Pampore Attack is an expression of Pakistan’s desperation due to its continued failure to stem the tide of terrorism at home as well as diplomatic embarrassment it faces almost daily due to its involvement in spreading global terror
Brig Anil Gupta
The whole nation has condemned in unison the dastardly act of ambush of a CRPF convoy just 15 km away from the capital town Srinagar. While the LET has claimed responsibility for the cowardly act, Pakistani Government has chosen to remain silent for the reasons well known. Eight brave policemen made the supreme sacrifice in the line of duty and attained martyrdom while 21 are severely injured with seven of them being critical. While, the nation mourns this unbearable loss, there is a need for a critical examination because it is happening far too often both in Kashmir as well as Left—Wing Extremism affected areas. The frequency of such incidents is alarming.
Time has come for a critical appraisal with a view to determine corrective methods and a befitting response.
CRPF has been operating in the Valley as a counter insurgency force for a long time. The force also knows that the situation in Valley is different from that of LWE affected areas and here it is fighting a proxy-war. A large number of standard operating procedures (SOPs) exist as guidelines for operating in this operational environment. The SOPs should also be dynamic and constantly reviewed keeping in mind the emerging threats. In any case, in view of the forthcoming Amarnath Yatra and the consequent threat to it from the terrorists, the present threat level in Valley is supposed to be the highest.
Need to learn lessons
The need of the hour is to project a united front in the fight of terrorism, not as a divided house
Col (Retd) Ravinder Nath
The spurt in violence is indicative of lack of intelligence inputs. The terrorists through a well-planned strategy targeted the local policemen initially. It appears they have succeeded in their aim by creating a fear-psychosis among the informers, sources and the police personnel. The net result is obvious, drying up of sources and dearth of intelligence. The police hierarchy has to work overtime to defeat this nefarious design of the terrorists. Without intelligence the troops are handicapped and have to operate in a vacuum. The issue of increase in local militants also needs to be looked into. To my mind, the hypothesis that more and more youth from the educated and well to do families are joining militancy is a hoax. The increase in number of local militants may be due to ‘recycling’ of ‘ex-militants’ who supposedly after a change of heart returned to their homes illegally via the Nepal route between 2010-2014 with tacit support of the then government or the terrorists released from jails due to multifarious reasons. It is a dangerous trend and the government of the day needs to look into it seriously.
There is also the question of leadership crisis. The higher leadership in the Central Armed Police Forces including CRPF is grabbed by the IPS officers who have very little experience of fighting the proxy war. There is dis-connect between those on the ground and those who make plans and strategies for them. Most of them are divorced from reality and lack the understanding of ground level nuances. They are neither baptised by fire nor grilled by relentless psychological pressures while working in a hostile environment of proxy war. There are a few exceptions but the exceptions do not prove a rule. There is the need for these forces to have their own higher leadership. Troops readily accept those leaders who have been with them through thick and thin. Even the mid-level leaders need to be with the troops both during training and operations. Considering that almost six busloads of troops were returning after training, the officers were conspicuous by their absence. Now that the government has identified and nominated CRPF as the counter-insurgency force, it is incumbent on the government to equip the force to enable it to carry out its task effectively. Lack of bullet proof vests for individuals as well as bullet proof vehicles for escort parties to enable them to close in with the attackers was obvious in the instant case. Proper pre-induction training to familiarise troops with local terrain and challenges is also necessary.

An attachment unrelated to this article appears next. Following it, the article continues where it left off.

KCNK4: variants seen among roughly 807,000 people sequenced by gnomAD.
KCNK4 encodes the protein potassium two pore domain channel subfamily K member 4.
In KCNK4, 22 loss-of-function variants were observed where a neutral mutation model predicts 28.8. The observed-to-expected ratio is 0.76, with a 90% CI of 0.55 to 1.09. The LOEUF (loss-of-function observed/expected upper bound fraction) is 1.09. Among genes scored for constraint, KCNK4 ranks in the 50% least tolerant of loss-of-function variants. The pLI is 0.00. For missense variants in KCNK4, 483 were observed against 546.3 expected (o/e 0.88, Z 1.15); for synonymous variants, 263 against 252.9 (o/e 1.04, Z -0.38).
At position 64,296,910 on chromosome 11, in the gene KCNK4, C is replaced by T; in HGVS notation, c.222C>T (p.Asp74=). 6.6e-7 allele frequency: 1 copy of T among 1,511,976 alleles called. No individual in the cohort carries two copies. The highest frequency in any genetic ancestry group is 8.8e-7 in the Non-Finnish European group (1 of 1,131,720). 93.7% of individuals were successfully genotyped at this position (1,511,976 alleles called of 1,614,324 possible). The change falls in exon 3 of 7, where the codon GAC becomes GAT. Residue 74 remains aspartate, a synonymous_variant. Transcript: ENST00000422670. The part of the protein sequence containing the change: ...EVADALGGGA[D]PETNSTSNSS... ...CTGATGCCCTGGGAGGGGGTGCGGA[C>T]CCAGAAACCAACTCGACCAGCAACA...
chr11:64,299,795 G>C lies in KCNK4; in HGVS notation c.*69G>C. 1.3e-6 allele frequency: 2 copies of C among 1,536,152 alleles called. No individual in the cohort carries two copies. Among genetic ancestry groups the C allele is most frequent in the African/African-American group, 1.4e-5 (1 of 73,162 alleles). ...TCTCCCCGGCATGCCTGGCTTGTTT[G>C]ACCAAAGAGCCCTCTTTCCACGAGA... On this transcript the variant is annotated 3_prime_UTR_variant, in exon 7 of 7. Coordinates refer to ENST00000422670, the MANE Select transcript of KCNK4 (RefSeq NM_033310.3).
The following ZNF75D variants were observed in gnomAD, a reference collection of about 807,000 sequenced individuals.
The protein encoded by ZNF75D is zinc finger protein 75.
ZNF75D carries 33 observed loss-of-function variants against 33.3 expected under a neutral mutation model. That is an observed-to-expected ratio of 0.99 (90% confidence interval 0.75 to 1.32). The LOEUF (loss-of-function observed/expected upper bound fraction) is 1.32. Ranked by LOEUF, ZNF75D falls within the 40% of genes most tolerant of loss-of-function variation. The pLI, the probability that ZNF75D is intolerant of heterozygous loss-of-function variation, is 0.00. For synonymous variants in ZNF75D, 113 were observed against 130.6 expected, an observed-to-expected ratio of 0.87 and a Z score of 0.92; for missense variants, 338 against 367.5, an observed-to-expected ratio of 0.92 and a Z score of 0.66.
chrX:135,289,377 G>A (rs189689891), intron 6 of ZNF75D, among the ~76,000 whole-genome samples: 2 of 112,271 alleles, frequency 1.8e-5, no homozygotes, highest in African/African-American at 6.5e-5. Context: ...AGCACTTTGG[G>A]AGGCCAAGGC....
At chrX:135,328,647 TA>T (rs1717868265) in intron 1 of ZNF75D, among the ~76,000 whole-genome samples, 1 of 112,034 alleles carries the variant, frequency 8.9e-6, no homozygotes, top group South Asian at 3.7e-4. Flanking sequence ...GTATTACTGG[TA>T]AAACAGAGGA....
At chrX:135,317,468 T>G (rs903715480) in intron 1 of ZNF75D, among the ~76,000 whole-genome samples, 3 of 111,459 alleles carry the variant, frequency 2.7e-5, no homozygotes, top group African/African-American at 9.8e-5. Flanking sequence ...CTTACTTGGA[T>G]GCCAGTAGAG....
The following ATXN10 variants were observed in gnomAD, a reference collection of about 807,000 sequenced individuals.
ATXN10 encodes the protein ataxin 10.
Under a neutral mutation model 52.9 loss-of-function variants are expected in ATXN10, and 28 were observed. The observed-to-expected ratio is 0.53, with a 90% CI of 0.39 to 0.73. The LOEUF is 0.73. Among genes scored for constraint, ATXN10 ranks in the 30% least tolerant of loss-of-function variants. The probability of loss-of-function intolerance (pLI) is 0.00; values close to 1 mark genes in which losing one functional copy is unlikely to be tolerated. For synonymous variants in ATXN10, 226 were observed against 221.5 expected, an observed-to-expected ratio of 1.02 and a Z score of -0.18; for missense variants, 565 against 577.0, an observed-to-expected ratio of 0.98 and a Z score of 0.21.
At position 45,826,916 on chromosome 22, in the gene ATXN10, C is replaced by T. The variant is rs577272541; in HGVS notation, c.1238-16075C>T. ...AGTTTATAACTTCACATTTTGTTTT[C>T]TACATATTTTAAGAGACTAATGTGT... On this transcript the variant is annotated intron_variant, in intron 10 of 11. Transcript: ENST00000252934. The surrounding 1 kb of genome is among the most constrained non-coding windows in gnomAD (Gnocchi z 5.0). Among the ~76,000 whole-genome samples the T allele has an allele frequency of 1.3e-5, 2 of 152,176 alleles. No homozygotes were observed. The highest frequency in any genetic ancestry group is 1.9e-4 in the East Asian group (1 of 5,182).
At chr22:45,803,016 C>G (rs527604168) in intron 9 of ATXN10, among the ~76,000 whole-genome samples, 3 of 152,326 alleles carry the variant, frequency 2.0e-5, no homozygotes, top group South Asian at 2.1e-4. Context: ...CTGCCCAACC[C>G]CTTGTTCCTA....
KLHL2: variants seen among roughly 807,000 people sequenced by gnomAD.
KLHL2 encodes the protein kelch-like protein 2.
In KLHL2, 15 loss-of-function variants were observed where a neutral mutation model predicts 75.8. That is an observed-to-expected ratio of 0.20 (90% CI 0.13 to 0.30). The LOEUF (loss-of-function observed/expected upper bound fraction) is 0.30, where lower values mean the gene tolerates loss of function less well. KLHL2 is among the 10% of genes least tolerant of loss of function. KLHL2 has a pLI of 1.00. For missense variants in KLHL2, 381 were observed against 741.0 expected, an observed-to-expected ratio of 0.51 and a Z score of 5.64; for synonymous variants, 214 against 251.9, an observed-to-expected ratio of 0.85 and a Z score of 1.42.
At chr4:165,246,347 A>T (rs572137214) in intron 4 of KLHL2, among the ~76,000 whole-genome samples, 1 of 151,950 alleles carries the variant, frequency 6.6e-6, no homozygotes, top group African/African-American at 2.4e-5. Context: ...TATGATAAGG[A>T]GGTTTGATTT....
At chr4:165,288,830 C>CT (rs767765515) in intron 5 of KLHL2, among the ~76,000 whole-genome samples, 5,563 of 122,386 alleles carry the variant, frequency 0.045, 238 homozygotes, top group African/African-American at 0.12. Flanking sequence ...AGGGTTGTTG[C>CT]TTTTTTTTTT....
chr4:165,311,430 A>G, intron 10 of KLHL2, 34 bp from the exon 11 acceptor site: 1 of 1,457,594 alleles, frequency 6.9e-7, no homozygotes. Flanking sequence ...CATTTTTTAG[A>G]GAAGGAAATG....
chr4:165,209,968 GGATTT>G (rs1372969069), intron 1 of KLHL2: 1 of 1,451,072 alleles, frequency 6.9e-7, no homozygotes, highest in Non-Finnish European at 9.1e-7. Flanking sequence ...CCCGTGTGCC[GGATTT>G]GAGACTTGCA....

There is no denying the fact that Pakistan despite being exposed internationally as a sponsor state of terror continues to unashamedly support terrorist activities in the Valley. It is an expression of Pakistan’s desperation due to its continued failure to stem the tide of terrorism at home as well as diplomatic embarrassment it faces almost daily due to its involvement in spreading global terror. It views Kashmir as the only hope of remaining in international lime light and hence will try all tricks up its sleeves to keep the pot boiling. We cannot afford to allow Pakistan to continue to bleed us like a sacrificial lamb. It is time now for both the state and central governments to act rather than issue stern warnings. To begin with, all those found waiving Pak and ISIS flags in valley should be booked under Public Safety Act. The intelligence apparatus needs to be rejuvenated. Unified Headquarters need to be made more effective to generate synergy. The security forces must revise their strategy to deal with insurgency in hinterland. ‘Area domination’ along with ‘intelligence based’ surgical operations must be launched with vigour. The security forces must concentrate on anti-terror operations and detach themselves from ‘reconciliatory measures.’
The elected representatives need to play their role by becoming more active in grassroot politics. The government needs to up the ante and inch up the escalatory ladder to teach Pakistan a befitting lesson.
(The writer is a Jammu based columnist and security & strategic analyst)